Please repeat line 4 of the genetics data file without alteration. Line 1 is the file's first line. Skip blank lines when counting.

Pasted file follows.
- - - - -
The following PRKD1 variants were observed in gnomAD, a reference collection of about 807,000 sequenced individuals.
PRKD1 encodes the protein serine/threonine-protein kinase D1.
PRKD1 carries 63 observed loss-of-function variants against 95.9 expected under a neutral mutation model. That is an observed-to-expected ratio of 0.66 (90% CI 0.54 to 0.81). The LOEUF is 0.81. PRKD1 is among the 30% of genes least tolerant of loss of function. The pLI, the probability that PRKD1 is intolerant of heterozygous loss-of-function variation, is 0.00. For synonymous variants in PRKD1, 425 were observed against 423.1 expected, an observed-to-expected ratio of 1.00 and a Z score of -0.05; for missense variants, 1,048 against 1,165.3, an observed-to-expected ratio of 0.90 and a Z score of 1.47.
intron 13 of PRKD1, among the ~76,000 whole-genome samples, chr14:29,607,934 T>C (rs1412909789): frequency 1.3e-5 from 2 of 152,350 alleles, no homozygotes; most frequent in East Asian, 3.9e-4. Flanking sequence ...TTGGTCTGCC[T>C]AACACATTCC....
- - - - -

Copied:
intron 13 of PRKD1, among the ~76,000 whole-genome samples, chr14:29,607,934 T>C (rs1412909789): frequency 1.3e-5 from 2 of 152,350 alleles, no homozygotes; most frequent in East Asian, 3.9e-4. Flanking sequence ...TTGGTCTGCC[T>C]AACACATTCC....